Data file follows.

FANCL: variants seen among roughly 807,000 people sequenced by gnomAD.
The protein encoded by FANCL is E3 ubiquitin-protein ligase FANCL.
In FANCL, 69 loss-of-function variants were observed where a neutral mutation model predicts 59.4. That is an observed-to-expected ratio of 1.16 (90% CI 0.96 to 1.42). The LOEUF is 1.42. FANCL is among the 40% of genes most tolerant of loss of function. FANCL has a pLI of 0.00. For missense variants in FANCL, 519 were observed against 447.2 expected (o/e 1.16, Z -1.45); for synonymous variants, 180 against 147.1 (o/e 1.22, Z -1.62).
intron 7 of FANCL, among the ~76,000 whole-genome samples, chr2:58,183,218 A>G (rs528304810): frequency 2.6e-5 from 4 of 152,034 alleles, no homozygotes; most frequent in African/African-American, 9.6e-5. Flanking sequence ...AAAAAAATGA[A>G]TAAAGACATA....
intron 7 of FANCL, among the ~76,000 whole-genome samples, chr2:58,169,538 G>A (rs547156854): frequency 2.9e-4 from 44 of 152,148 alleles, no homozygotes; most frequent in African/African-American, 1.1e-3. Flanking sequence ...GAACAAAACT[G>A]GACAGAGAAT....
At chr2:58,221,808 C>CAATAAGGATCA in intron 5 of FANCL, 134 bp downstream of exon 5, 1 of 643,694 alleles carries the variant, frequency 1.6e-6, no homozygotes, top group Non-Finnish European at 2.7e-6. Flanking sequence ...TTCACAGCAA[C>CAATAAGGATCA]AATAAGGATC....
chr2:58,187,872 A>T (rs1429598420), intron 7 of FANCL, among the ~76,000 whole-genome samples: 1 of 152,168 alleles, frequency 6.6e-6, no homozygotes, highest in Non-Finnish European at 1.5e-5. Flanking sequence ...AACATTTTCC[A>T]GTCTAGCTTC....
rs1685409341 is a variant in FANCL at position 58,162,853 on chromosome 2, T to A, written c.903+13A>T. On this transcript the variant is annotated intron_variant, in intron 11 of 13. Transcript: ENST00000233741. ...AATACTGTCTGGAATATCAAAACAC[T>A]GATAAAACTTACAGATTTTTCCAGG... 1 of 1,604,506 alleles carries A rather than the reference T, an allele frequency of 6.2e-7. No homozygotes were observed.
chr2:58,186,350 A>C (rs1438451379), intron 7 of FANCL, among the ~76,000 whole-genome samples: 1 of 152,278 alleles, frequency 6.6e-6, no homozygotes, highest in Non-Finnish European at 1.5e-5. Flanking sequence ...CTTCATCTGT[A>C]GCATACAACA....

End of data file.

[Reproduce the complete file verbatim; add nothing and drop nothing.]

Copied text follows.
FANCL: variants seen among roughly 807,000 people sequenced by gnomAD.
The protein encoded by FANCL is E3 ubiquitin-protein ligase FANCL.
In FANCL, 69 loss-of-function variants were observed where a neutral mutation model predicts 59.4. That is an observed-to-expected ratio of 1.16 (90% CI 0.96 to 1.42). The LOEUF is 1.42. FANCL is among the 40% of genes most tolerant of loss of function. FANCL has a pLI of 0.00. For missense variants in FANCL, 519 were observed against 447.2 expected (o/e 1.16, Z -1.45); for synonymous variants, 180 against 147.1 (o/e 1.22, Z -1.62).
intron 7 of FANCL, among the ~76,000 whole-genome samples, chr2:58,183,218 A>G (rs528304810): frequency 2.6e-5 from 4 of 152,034 alleles, no homozygotes; most frequent in African/African-American, 9.6e-5. Flanking sequence ...AAAAAAATGA[A>G]TAAAGACATA....
intron 7 of FANCL, among the ~76,000 whole-genome samples, chr2:58,169,538 G>A (rs547156854): frequency 2.9e-4 from 44 of 152,148 alleles, no homozygotes; most frequent in African/African-American, 1.1e-3. Flanking sequence ...GAACAAAACT[G>A]GACAGAGAAT....
At chr2:58,221,808 C>CAATAAGGATCA in intron 5 of FANCL, 134 bp downstream of exon 5, 1 of 643,694 alleles carries the variant, frequency 1.6e-6, no homozygotes, top group Non-Finnish European at 2.7e-6. Flanking sequence ...TTCACAGCAA[C>CAATAAGGATCA]AATAAGGATC....
chr2:58,187,872 A>T (rs1429598420), intron 7 of FANCL, among the ~76,000 whole-genome samples: 1 of 152,168 alleles, frequency 6.6e-6, no homozygotes, highest in Non-Finnish European at 1.5e-5. Flanking sequence ...AACATTTTCC[A>T]GTCTAGCTTC....
rs1685409341 is a variant in FANCL at position 58,162,853 on chromosome 2, T to A, written c.903+13A>T. On this transcript the variant is annotated intron_variant, in intron 11 of 13. Transcript: ENST00000233741. ...AATACTGTCTGGAATATCAAAACAC[T>A]GATAAAACTTACAGATTTTTCCAGG... 1 of 1,604,506 alleles carries A rather than the reference T, an allele frequency of 6.2e-7. No homozygotes were observed.
chr2:58,186,350 A>C (rs1438451379), intron 7 of FANCL, among the ~76,000 whole-genome samples: 1 of 152,278 alleles, frequency 6.6e-6, no homozygotes, highest in Non-Finnish European at 1.5e-5. Flanking sequence ...CTTCATCTGT[A>C]GCATACAACA....